In a sampled public opinion, the most prominent concern is that the duration of cases are too long and may end as endless litigations, where the whistle-blower becomes a prime target. Another caveat is that the information must be such that it could not be obtained by government‎. Then the percentage must be well discussed and spelt out before a deal is struck and ‎the parties enter into a documented agreement.

Since the announcement, Nigerians have reacted variously to the matter.‎ For Mr. Doueyi Fiderikumo, a Yenagoa Bayelsa State-based legal practitioner, the proposal is a welcome development. He said what this means is that the people can now be involved in the policing of crime and criminal activities in the country.

“The five per cent for whistle blowing on criminals is okay too. In the United States, the fight against crime is 30 per cent for successful whistle blowing on criminals. Although the details have not been worked out, the idea is however good for the country.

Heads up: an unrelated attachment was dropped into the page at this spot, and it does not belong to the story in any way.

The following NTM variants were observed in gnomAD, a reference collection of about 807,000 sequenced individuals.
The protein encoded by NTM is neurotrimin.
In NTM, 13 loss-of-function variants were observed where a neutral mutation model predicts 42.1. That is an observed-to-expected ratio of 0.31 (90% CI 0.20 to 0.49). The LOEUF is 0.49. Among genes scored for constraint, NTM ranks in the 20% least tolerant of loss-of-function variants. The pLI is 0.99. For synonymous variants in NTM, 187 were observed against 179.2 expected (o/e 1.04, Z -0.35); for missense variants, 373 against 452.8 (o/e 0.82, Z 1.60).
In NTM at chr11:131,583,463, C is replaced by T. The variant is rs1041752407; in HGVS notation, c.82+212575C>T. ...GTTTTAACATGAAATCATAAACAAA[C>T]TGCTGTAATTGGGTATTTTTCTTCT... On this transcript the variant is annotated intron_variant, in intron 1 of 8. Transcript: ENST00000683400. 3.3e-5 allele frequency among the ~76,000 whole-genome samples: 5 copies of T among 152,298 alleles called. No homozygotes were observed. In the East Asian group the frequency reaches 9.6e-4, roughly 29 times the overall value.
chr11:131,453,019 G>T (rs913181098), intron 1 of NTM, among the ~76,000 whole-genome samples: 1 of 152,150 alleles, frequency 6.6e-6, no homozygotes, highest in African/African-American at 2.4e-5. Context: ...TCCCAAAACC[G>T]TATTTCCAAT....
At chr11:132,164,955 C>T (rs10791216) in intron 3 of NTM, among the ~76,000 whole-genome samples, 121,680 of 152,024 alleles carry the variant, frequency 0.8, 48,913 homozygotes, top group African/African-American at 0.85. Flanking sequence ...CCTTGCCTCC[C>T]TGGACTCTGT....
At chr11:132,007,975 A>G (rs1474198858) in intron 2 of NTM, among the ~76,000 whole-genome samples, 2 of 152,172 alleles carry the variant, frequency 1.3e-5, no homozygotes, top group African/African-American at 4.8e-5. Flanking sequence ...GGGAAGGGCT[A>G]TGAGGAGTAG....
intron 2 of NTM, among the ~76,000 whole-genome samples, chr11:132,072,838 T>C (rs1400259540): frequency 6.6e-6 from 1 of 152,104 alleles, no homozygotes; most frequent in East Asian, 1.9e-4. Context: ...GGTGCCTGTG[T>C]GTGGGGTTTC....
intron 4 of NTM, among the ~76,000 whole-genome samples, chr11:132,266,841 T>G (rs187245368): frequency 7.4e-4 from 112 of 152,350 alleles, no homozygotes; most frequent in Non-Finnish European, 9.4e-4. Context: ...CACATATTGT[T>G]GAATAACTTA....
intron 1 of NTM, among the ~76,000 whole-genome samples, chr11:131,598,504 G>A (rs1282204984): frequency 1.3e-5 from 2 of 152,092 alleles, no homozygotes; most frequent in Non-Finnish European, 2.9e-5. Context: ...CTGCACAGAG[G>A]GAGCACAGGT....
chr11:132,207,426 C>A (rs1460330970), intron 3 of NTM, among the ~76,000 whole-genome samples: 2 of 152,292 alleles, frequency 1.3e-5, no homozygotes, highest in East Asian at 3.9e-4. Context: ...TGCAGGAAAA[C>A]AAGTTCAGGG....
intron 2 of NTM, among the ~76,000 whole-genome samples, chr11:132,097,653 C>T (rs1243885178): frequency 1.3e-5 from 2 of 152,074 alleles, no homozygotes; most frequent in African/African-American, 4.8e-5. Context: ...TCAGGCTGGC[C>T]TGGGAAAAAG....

“It therefore means that if anybody is living beyond his income, then someone can whistle blow on him and if found culpable he will be tried. However, let’s wait and see the details of the proposal,”‎ he said.

A Lagos-based retired Navy office, Mr. Olomi Fadile, who noted that whistle-blowing is unpleasant to the victim and injurious to the information giver, is of the opinion that if well managed, the idea is capable of helping in the fight against graft. He was particularly emphatic on the need to ensure that the whistle-blowers are well protected.